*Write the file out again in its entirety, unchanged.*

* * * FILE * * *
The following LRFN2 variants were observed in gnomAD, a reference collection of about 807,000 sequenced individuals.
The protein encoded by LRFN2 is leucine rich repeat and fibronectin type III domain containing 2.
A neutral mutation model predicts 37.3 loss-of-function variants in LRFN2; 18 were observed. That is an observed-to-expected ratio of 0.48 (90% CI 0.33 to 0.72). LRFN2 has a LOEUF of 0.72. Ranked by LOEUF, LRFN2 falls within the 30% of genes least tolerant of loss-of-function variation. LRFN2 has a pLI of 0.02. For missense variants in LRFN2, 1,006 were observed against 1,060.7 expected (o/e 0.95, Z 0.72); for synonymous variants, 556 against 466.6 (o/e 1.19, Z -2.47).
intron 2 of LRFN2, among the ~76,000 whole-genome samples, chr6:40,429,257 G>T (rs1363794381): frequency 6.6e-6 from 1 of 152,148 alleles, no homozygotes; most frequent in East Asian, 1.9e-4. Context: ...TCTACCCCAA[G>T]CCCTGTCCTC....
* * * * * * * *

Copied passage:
The following LRFN2 variants were observed in gnomAD, a reference collection of about 807,000 sequenced individuals.
The protein encoded by LRFN2 is leucine rich repeat and fibronectin type III domain containing 2.
A neutral mutation model predicts 37.3 loss-of-function variants in LRFN2; 18 were observed. That is an observed-to-expected ratio of 0.48 (90% CI 0.33 to 0.72). LRFN2 has a LOEUF of 0.72. Ranked by LOEUF, LRFN2 falls within the 30% of genes least tolerant of loss-of-function variation. LRFN2 has a pLI of 0.02. For missense variants in LRFN2, 1,006 were observed against 1,060.7 expected (o/e 0.95, Z 0.72); for synonymous variants, 556 against 466.6 (o/e 1.19, Z -2.47).
intron 2 of LRFN2, among the ~76,000 whole-genome samples, chr6:40,429,257 G>T (rs1363794381): frequency 6.6e-6 from 1 of 152,148 alleles, no homozygotes; most frequent in East Asian, 1.9e-4. Context: ...TCTACCCCAA[G>T]CCCTGTCCTC....